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Senate moves to revamp Almajiri education system in aftermath of World Bank report



South, Middle Belt leaders decry invasion by Almajiris amid COVID-19 directives

The Senate, on Wednesday, proposed a Bill to ensure the revamp of the Almajiri education system for national development.

Senator Aliyu Wamakko (Sokoto North, APC) moved the motion via “A Bill for an Act to provide for the Establishment of the National Commission on Child Destitution in Nigeria and for other connected purposes, 2022.”

Supporting the Bill, Senator Adamu Aliero (PDP, Kebbi Central) explained that the mandate was necessary to curb the “menace of Almajiri system in Northern part of Nigeria

“What causes Almajiri system child destitution. Parents throw their children on the streets without catering for them. We must look at the population control.

“If we don’t do that we will continue to have child destitution. If we don’t control it, it will certainly consume this country.”

In his comment, Senator ID Gyang (Plateau North, PDP) advocated the establishment of the National Commission on Child Destitution.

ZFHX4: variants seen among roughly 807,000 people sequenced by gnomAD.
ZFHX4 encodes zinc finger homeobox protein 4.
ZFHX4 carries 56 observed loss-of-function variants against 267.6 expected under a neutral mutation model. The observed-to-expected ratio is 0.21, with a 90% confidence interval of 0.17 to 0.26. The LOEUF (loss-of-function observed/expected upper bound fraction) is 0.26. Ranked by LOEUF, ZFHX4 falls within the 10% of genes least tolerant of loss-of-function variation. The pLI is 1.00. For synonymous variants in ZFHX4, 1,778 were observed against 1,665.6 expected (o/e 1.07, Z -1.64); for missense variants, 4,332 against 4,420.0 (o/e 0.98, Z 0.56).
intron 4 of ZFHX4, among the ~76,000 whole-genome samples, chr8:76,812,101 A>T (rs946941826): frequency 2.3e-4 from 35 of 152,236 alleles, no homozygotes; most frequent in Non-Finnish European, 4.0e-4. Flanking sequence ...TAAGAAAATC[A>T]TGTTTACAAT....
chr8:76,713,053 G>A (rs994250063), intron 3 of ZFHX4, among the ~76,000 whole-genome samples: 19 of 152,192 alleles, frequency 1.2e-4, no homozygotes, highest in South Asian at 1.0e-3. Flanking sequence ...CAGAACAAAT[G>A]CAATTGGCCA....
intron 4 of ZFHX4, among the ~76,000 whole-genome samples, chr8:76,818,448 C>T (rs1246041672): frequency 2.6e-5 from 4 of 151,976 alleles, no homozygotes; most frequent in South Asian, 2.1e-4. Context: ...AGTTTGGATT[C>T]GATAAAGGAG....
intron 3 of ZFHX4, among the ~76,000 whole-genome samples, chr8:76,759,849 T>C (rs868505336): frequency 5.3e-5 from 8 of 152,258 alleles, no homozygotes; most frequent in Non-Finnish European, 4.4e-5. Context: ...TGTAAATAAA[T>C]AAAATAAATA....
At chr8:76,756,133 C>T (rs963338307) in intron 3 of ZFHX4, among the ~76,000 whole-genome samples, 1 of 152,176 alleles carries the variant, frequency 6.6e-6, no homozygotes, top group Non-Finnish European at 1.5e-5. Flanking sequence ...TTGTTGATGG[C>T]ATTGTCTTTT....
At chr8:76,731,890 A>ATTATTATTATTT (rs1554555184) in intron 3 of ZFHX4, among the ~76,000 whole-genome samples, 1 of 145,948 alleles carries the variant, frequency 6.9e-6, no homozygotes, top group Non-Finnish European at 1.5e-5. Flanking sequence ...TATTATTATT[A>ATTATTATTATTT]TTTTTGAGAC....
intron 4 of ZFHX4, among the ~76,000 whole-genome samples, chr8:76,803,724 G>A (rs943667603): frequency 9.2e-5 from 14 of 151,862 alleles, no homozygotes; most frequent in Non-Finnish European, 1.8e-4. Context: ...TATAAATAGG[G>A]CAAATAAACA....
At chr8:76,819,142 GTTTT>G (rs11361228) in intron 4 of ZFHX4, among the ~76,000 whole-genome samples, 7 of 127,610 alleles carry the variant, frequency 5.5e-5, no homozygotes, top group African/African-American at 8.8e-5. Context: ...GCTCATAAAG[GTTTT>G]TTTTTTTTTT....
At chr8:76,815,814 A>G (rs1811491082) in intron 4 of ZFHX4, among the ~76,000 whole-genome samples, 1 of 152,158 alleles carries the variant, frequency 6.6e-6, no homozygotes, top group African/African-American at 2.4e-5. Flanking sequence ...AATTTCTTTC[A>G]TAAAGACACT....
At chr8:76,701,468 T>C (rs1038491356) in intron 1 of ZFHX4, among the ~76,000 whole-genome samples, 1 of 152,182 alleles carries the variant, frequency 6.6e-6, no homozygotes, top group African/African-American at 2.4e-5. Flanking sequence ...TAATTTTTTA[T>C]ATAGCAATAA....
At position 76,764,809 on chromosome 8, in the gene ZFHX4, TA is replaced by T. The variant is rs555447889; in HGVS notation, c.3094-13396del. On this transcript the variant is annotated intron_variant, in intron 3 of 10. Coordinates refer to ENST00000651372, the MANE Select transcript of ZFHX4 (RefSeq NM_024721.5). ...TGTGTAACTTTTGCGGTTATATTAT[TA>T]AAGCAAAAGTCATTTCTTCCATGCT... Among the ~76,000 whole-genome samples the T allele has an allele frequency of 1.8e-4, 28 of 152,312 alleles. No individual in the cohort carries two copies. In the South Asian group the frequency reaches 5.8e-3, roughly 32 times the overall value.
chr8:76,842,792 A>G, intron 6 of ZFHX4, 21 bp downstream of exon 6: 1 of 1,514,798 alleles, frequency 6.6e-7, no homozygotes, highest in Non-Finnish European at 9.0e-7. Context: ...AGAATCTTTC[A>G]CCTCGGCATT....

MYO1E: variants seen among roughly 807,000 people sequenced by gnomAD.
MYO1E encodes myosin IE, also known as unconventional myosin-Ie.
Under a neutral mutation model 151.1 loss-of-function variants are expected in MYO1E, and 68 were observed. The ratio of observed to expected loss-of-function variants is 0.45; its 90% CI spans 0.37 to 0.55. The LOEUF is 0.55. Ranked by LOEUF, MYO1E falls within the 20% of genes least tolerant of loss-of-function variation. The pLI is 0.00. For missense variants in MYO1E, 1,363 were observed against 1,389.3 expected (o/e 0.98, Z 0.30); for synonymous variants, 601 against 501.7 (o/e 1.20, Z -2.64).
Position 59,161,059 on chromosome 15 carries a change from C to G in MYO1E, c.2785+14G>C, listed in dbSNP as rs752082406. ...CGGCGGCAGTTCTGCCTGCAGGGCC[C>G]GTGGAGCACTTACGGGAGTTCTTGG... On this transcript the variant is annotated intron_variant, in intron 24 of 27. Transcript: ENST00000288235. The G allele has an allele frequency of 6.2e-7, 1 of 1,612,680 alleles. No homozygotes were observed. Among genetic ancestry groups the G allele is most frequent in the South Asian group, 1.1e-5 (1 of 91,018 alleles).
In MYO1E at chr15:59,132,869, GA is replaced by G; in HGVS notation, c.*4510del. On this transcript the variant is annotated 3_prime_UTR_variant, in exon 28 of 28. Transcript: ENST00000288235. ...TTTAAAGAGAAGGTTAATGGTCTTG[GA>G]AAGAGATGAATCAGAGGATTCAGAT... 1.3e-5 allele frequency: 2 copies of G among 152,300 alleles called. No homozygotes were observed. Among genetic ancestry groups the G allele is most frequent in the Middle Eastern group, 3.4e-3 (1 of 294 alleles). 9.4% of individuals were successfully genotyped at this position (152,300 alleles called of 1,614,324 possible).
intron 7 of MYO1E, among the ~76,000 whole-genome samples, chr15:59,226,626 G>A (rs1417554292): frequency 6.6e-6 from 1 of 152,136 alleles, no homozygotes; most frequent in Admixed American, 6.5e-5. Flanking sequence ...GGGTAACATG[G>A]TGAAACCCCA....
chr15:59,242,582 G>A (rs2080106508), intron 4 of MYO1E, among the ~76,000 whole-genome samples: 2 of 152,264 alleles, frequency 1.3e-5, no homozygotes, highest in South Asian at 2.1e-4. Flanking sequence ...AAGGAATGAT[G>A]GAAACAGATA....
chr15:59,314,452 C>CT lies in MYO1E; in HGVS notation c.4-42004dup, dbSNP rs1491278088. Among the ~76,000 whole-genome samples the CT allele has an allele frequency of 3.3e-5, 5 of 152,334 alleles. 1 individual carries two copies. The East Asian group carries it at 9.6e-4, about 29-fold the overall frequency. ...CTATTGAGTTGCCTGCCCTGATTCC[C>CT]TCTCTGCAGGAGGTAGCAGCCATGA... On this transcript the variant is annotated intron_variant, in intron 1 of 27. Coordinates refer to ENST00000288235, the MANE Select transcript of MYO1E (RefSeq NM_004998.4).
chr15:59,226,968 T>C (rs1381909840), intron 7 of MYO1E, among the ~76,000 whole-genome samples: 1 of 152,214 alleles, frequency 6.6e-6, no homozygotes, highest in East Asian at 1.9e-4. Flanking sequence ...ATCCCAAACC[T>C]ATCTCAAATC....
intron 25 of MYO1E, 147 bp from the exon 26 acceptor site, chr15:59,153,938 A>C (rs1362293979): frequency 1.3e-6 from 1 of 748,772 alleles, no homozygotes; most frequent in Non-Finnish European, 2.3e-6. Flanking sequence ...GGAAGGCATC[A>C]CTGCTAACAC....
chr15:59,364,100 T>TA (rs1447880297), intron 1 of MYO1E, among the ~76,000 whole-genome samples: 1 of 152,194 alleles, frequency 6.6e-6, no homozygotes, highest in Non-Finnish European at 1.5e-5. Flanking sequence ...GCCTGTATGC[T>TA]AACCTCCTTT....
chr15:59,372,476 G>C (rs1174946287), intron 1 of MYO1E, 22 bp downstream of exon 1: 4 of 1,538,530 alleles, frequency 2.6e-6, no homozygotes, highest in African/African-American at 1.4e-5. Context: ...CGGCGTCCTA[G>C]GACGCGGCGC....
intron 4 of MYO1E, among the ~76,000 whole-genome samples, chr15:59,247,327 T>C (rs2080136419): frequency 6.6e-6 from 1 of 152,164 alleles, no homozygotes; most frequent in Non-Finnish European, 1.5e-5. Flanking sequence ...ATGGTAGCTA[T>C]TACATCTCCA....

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According to the lawmaker, this was crucial towards addressing “the malady of child destitution in this country.”

The Bill was read the Second Time and referred to the joint Committees on Establishment and Public Service Matters and Primary and Basic Education for further legislative action to report back within four weeks.

On Tuesday, the World Bank disclosed that Nigeria had the highest number of out of school children in the world with 11 million pupils recorded in 2020.

According to the global financial institution, the number of school children under review who are between 6-15years increased by 100% between 2003 and 2020.

It also revealed that the number of in-school children in 2003 were 20 million and had increased to 40 million in 2020, stating that the population of Nigerian children aged 6-15years in 2003 was 35 million and 51 million in 2020.

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